The European Union Moves on Heat

A major leap in EU Industrial Waste Heat Policy

  • November 17, 2015
  • The European Union Moves on Heat
    The European Union Moves on Heat
  • The European Union Moves on Heat
    The European Union Moves on Heat

Energy Efficiency in Industrial Processes (EEIP) is welcoming the European Union initiative for a stakeholder dialogue and policy alignment on heating and cooling. Heating represents majority of primary energy used and major potential for energy efficiency.

EEIP has been leading EU discussions on industrial heat recovery as the main potential in smarter utilization of heat for energy intensive industries. EEIP run EU co-funded project Energy Recovery > Emmission Reduction (ER>ER) that concluded in 2013, with call for proliferation or energy recovery technologies as the biggest potential for energy efficiency in industry. Not only on the high-grade heat, but also, in combination with district heating, on the untapped potentials on industrial medium and low temperature heat and cold.

Industry accounts for one fourth of the EU's final energy consumption, of which the majority is used for heating and cooling. A current estimate is that industry consumed 173,2 Mtoe or 63% of its total final energy for heating and cooling, 35% (95,37 Mtoe) for electricity driven processes /machinery and 3% (5,4 Mtoe) for cooling (Fraunhofer).

About one third of the final energy demand in EU industry is used to generate steam, most of this (around 20-25%) in steam systems. Processes are specific to sectors and require different temperatures ranging to 2000°C and above. Process heating can be divided into low, medium and high temperatures. The definition of low, medium and high temperature is specific to each sector and different thresholds are used. A possible distinction is of temperatures below 200° C, between 200°C and 500°C and above 500°C.

Industrial and power generation installations produce large amount of waste heat as a by-product. Most of this waste heat is currently dissipated unused in air and water. A few countries utilise a small portion of this waste heat from industrial plants, nuclear and other electric power plants through feeding the waste heat into district heating and cooling systems that supply buildings.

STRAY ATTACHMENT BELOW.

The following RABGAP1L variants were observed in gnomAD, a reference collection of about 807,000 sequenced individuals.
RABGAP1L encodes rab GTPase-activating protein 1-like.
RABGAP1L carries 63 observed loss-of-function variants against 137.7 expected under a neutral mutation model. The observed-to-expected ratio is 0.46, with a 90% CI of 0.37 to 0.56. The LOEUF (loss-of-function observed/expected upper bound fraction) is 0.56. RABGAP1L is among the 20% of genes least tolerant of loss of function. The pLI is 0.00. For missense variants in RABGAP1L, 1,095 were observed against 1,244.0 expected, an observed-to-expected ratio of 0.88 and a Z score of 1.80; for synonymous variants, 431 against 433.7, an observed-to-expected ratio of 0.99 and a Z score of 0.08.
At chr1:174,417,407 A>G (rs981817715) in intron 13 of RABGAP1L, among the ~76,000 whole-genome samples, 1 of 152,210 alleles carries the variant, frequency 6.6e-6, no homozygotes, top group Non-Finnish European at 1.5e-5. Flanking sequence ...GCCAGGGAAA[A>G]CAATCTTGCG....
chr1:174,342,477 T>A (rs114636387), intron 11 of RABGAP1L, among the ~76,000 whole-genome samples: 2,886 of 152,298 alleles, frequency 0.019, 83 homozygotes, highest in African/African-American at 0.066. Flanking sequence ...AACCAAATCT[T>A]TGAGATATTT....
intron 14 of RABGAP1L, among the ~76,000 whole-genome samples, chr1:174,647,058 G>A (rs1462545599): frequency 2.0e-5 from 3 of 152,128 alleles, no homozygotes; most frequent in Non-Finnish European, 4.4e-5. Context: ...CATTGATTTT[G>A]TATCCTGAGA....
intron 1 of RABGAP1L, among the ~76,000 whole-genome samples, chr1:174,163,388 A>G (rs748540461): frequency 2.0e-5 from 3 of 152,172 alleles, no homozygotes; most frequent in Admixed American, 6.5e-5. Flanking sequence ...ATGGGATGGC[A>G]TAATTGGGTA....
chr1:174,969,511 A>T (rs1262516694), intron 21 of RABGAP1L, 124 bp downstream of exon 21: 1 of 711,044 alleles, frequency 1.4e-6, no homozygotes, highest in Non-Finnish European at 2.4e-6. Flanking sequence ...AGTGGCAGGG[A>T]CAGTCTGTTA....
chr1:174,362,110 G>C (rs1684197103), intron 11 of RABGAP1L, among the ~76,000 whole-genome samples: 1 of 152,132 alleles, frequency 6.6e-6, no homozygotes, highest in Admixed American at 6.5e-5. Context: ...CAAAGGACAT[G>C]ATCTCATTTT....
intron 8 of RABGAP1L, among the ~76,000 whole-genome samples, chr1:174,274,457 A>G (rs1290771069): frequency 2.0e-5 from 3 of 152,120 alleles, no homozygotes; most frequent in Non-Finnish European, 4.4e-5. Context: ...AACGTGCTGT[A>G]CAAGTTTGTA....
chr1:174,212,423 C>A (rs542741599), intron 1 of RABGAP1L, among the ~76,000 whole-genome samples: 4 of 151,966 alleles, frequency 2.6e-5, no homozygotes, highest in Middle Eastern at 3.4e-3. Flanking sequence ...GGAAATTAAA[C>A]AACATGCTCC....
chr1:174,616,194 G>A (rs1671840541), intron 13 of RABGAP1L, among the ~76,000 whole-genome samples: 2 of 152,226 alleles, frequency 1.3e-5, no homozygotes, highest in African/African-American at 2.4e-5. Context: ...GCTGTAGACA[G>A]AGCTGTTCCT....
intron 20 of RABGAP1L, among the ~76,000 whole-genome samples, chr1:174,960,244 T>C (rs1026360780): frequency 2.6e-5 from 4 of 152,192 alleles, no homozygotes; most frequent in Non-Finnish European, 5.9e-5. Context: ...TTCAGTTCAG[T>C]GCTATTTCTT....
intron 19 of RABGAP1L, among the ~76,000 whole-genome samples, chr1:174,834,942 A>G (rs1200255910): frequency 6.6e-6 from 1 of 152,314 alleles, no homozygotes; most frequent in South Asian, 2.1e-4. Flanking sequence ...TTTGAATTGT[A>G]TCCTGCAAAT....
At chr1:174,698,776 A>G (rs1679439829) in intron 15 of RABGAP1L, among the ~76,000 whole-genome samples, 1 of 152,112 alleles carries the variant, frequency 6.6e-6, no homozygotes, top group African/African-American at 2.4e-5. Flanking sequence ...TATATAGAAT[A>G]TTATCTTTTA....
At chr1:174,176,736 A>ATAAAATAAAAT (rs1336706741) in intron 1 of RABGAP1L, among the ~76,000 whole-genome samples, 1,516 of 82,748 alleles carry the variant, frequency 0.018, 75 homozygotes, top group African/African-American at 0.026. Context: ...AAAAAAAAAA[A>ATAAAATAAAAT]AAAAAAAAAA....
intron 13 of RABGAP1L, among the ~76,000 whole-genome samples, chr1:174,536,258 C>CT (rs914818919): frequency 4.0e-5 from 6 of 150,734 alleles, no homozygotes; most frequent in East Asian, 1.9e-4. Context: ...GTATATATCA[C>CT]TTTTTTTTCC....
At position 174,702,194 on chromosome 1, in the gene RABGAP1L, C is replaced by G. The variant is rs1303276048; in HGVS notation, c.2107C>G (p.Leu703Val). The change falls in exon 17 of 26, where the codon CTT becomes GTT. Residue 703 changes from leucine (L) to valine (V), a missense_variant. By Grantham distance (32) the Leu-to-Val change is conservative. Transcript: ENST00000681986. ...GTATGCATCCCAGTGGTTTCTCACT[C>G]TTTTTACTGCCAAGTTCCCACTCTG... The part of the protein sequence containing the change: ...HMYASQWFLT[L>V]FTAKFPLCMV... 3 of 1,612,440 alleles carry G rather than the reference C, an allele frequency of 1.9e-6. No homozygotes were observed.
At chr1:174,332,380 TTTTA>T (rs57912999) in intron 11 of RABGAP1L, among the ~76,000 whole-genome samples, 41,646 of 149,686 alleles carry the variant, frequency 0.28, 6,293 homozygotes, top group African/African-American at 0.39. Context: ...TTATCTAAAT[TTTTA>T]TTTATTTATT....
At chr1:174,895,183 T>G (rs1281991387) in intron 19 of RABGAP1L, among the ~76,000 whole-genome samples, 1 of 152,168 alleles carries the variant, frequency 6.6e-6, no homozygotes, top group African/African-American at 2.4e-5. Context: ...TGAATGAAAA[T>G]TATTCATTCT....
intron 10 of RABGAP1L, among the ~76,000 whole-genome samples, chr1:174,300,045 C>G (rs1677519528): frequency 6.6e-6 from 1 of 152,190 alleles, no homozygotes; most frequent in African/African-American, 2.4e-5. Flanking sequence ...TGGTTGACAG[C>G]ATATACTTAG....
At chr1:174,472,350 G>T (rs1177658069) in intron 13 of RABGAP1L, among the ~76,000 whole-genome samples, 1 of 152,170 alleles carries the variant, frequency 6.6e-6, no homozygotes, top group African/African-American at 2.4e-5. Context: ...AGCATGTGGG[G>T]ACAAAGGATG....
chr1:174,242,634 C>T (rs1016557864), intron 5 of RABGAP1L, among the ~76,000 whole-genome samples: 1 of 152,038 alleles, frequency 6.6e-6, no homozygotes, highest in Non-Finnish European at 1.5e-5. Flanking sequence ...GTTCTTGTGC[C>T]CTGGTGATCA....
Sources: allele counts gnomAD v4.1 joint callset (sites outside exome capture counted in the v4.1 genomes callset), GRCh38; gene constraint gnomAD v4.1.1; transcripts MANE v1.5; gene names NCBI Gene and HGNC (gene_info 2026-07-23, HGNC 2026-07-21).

Stratego study (2015) calculated the EU total waste heat potential to be 11.3 EJ (270 Mtoe), an order of magnitude that could cover the EU's entire heating needs in residential and tertiary buildings. The sources considered included large scale (above 50 MW) thermal power generation fuel combustion plants, fuel supply and refineries, and industrial facilities within six significant energy-intensive industrial sectors: chemical and petrochemical, iron and steel, non-ferrous metals, non-metallic minerals, paper, pulp and printing, and the food and beverage sector. The report also considers Waste-to-Energy facilities. The calculation did not take into account European nuclear facilities, which reject approximately 6.7 EJ, although in some Member States some district heat facilities utilise waste heat from nuclear plants. The study established waste heat potentials for all 28 EU Member States. The ratio of excess heat to primary energy consumption in industry is between a third and half for each Member State. Seven Member States (France (7%), Germany (23%), Italy (11%), the Netherlands (5%), Poland (8%), Spain (6%), and the United Kingdom (12%)) account for the major share of the total excess heat availabilities.

Furthermore, two projects co-funded by the European Commission LIFE environmental programme have estimated the industrial waste heat recovery potential, carbon emissions and energy savings in energy intensive industries (cement, glass industries, steel, aluminium and nonferrous, heat treatments, chemical industry, refineries, oil & gas, agribusiness, textile, paper) using the ORC (Organic Rankine Cycle) technology which allows the combined generation of heat and electricity.

The EU co-funded project H-REII (LIFE08 ENV/IT/000422 represents the first Italian pilot project on heat recovery aiming at assessing the waste heat recovery potential in highly energy-intensive industries at national level using the ORC technology with 0.5-10 MWhel power generation size. The prudential estimate on Italian cement, glass and steel industries highlighted a potential saving of electricity ranging from 641 to 1025 GWhel/year, accounting for 5% of the total estimated energy savings for the Italian industry for 2016, and CO2 emissions prevention of over 650.000 tons/year. Building upon H-REII results, the project H-REII DEMO (LIFE10 ENV/IT/000397 www.hreii/ evaluated the potential waste heat recovery for electricity valorisation of the different energy intensive sectors at European level by the means of an ORC system. The estimated EU27 potential for the investigated sectors accounts for approximately 20 TWh of electric energy. This value represents 4.8% of total electricity consumption of EU industry in 2009 and implies avoided emissions of almost 7.5 million tonnes of CO2.

Following stakeholder consultation meeting on 9 September 2015, EEIP welcomes the developments on the EU Heating and Cooling Strategy. Energy efficiency must remain the primary focus. Recovery of waste heat and cold from industry represents the major potential for energy savings and sustainable use of primary energy in Europe. EU policy should encourage district heating and cooling networks to ensure access and economics of use of industrial heat and cold. This is energy that would otherwise be wasted.